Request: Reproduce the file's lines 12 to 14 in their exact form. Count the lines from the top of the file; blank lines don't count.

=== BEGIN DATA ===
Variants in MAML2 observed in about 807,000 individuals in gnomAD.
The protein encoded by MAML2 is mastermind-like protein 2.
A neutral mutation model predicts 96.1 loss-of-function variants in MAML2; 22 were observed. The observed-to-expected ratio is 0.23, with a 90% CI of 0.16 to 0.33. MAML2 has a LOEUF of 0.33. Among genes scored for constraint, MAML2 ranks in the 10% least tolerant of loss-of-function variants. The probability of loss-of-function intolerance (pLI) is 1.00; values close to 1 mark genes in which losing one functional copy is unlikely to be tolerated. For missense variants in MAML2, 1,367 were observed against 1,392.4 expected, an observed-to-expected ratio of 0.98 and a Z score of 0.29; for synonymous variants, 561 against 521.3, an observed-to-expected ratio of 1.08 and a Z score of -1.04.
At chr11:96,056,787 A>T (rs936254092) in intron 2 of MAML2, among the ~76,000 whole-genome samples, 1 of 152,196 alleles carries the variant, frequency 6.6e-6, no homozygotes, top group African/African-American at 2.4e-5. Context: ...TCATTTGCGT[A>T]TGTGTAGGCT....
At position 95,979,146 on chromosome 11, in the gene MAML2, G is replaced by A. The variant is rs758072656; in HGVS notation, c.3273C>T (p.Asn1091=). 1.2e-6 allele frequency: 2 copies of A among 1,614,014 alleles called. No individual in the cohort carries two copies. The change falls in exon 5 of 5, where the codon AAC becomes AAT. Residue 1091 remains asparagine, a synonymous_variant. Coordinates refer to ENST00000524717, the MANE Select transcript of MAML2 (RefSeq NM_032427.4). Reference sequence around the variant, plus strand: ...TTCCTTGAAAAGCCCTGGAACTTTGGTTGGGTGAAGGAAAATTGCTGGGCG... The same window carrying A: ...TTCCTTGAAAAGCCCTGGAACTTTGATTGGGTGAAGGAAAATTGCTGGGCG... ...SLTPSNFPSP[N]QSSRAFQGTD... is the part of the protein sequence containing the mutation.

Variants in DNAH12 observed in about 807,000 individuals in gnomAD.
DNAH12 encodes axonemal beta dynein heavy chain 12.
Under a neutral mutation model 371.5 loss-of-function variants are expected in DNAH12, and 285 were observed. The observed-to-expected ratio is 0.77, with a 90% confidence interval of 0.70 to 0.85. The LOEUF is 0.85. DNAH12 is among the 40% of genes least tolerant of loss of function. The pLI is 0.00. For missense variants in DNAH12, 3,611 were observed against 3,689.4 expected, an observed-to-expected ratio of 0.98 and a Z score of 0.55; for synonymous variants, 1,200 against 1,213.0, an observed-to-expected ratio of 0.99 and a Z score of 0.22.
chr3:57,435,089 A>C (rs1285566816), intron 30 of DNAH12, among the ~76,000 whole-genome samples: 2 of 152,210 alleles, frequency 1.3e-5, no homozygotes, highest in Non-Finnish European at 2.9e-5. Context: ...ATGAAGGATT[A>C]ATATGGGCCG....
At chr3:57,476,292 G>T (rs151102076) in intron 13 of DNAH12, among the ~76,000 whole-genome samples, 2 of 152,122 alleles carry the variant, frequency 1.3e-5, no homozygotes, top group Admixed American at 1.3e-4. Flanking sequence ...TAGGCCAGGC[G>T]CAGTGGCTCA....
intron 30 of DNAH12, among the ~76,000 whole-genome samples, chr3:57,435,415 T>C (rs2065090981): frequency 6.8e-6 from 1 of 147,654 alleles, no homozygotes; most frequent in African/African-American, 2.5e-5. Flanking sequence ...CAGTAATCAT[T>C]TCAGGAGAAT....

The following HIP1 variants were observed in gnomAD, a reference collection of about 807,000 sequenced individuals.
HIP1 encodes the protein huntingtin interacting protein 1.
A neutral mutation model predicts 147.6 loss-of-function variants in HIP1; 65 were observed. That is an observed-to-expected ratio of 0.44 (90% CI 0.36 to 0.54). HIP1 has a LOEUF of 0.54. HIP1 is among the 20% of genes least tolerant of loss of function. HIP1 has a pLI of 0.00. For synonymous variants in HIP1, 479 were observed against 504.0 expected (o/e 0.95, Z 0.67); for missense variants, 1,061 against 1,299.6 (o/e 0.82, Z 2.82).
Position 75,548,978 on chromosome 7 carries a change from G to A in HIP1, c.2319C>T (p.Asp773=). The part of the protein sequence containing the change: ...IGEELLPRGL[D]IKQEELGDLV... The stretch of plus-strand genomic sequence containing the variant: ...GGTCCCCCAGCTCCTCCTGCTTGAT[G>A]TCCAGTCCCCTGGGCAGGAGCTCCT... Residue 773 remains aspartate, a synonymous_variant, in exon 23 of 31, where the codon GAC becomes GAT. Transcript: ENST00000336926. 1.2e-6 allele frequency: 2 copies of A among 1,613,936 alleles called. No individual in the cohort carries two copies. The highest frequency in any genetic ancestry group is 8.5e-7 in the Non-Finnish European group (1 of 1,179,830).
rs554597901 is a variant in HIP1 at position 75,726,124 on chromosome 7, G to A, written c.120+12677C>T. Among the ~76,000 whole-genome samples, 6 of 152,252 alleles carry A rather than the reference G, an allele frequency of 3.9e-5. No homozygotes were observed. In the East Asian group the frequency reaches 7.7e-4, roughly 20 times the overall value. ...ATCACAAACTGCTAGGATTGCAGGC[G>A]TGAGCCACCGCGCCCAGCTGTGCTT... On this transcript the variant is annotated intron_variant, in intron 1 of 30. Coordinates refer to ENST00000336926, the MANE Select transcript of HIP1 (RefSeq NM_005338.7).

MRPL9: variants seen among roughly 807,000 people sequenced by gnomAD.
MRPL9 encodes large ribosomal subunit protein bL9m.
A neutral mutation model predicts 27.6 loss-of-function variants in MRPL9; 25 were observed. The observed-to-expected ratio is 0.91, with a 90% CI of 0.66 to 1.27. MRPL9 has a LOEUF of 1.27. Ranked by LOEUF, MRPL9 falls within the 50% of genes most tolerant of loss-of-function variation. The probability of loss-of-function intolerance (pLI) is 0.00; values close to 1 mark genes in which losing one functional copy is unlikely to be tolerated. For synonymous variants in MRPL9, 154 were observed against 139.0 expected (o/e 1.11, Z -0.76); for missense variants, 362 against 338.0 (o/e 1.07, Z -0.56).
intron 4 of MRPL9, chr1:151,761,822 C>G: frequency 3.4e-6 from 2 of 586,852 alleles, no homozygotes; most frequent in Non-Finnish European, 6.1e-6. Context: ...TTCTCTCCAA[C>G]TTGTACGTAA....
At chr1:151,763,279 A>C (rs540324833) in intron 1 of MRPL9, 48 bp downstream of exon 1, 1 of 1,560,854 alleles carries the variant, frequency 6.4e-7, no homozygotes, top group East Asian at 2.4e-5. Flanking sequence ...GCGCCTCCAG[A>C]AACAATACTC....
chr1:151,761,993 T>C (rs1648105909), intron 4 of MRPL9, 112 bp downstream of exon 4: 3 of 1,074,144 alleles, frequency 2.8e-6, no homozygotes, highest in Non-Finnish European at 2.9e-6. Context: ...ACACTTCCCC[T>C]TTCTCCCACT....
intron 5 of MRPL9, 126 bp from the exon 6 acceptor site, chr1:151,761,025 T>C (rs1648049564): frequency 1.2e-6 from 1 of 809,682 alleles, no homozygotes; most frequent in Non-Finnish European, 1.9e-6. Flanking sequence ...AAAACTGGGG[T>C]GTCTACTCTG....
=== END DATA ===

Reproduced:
The following HIP1 variants were observed in gnomAD, a reference collection of about 807,000 sequenced individuals.
HIP1 encodes the protein huntingtin interacting protein 1.
A neutral mutation model predicts 147.6 loss-of-function variants in HIP1; 65 were observed. That is an observed-to-expected ratio of 0.44 (90% CI 0.36 to 0.54). HIP1 has a LOEUF of 0.54. HIP1 is among the 20% of genes least tolerant of loss of function. HIP1 has a pLI of 0.00. For synonymous variants in HIP1, 479 were observed against 504.0 expected (o/e 0.95, Z 0.67); for missense variants, 1,061 against 1,299.6 (o/e 0.82, Z 2.82).